The current study on a Middle Eastern population demonstrates higher in-hospital mortality in women than in men after AMI. This higher risk is related to unfavourable baseline clinical characteristics including older age, higher incidence of diabetes, hypertension, and hypercholesterolaemia, and less likelihood of receiving thrombolytic treatment.

Several observational studies reported higher in-hospital mortality after AMI in women when compared to men.1,2 This difference was in part because women were older and more likely to have co-morbid conditions such as diabetes mellitus. However, in other studies, the mortality rate reported is similar.3 Vaccarino and colleagues recently demonstrated a significantly higher in-hospital mortality rate in women compared to men (16.7% v 11.5%).2 Moreover, among patients above 50 years of age, the mortality rate for women was more than twice that for men; with increasing age this difference disappeared. Young women were more likely than young men to have diabetes, and a history of congestive heart failure and stroke, but no sex based differences were apparent at older ages.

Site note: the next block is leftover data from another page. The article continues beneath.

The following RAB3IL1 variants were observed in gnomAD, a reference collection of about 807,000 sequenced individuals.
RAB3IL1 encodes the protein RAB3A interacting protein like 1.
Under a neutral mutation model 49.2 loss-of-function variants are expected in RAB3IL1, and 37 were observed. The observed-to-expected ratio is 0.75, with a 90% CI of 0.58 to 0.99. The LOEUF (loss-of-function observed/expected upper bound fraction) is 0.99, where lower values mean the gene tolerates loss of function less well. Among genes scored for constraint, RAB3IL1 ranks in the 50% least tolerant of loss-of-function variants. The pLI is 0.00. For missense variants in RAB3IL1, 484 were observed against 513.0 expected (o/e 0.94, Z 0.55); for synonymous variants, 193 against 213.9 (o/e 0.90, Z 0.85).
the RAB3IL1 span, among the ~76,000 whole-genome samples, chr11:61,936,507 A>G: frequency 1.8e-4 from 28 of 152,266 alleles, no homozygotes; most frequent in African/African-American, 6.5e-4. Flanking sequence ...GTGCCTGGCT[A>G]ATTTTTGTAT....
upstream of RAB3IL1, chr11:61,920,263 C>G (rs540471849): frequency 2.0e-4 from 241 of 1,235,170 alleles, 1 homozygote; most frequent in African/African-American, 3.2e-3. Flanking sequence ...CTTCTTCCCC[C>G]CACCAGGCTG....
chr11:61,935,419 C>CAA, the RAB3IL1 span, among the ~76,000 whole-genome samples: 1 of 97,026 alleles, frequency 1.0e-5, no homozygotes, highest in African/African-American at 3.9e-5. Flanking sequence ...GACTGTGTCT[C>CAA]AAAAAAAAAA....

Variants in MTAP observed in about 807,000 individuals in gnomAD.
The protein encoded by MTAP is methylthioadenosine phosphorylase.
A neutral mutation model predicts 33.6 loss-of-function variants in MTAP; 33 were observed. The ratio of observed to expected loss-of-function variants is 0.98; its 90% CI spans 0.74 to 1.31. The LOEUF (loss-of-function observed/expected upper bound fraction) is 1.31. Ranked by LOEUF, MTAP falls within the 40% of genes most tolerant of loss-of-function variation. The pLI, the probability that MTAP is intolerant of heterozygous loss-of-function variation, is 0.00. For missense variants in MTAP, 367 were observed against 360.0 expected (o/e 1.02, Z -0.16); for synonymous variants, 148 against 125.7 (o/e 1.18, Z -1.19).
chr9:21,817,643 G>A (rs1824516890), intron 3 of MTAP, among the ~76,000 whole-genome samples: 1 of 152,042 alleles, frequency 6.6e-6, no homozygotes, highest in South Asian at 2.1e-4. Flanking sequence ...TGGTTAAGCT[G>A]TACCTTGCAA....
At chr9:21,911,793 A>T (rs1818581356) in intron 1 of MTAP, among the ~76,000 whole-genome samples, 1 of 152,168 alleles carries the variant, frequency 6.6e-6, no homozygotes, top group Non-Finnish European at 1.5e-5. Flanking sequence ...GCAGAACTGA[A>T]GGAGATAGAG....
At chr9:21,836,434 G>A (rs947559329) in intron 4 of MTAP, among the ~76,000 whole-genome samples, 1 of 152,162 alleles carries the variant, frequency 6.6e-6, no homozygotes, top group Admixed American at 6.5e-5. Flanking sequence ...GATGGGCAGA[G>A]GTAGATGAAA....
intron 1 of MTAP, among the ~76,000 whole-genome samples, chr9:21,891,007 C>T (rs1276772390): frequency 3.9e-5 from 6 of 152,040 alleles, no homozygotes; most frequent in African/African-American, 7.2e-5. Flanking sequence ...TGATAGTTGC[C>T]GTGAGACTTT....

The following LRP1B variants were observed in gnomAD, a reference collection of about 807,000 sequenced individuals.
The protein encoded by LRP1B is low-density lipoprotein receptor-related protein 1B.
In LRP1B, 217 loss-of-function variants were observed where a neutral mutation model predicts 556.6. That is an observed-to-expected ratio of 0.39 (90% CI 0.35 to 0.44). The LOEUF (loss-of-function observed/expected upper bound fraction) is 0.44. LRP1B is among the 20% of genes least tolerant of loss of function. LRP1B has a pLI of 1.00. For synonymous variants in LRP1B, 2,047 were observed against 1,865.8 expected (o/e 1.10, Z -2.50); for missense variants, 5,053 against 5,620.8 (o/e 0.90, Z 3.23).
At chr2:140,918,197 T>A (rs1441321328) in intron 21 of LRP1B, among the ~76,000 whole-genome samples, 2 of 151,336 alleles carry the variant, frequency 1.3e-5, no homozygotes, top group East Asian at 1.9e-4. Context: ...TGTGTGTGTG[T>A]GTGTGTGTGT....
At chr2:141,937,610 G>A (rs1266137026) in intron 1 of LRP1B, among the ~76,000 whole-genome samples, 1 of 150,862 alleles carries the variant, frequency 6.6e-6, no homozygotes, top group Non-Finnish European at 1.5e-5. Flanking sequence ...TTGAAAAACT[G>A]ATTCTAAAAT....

Data on the outcome of women after AMI are limited to the western population and to the best of our knowledge are limited to two studies in other communities.4,5 Pimenta and colleagues studied 600 consecutive patients (435 men and 165 women) with AMI admitted to a hospital in Brazil and demonstrated higher mortality in women compared to men (23% v 9.9%, p  =  0.02).4 Furthermore, being female was an independent predictor of mortality (OR 2.73, p  =  0.001). Hapaz and colleagues evaluated the ethnic effect on survival after AMI in 5692 patients and demonstrated a higher in-hospital and long term (7.1 (3.5) years) mortality rate in women than in men (57.6% v 43.3%).5 In addition, the risk ratio differed significantly in women based on ethnic origin; lower in Jewish women born in central Europe compared with counterparts born in the Middle East.

In conclusion, this study extends the observations of previous sex studies in an ethnic population that has not previously been studied, and is consistent with those studies in demonstrating higher co-morbid conditions and worse outcome in women compared to men. This worse outcome is explained by unfavourable baseline clinical characteristics and a lesser likelihood to be treated aggressively with medications that have been conclusively shown to improve outcome. Regional and global measures to fight coronary artery disease in women are urgently needed.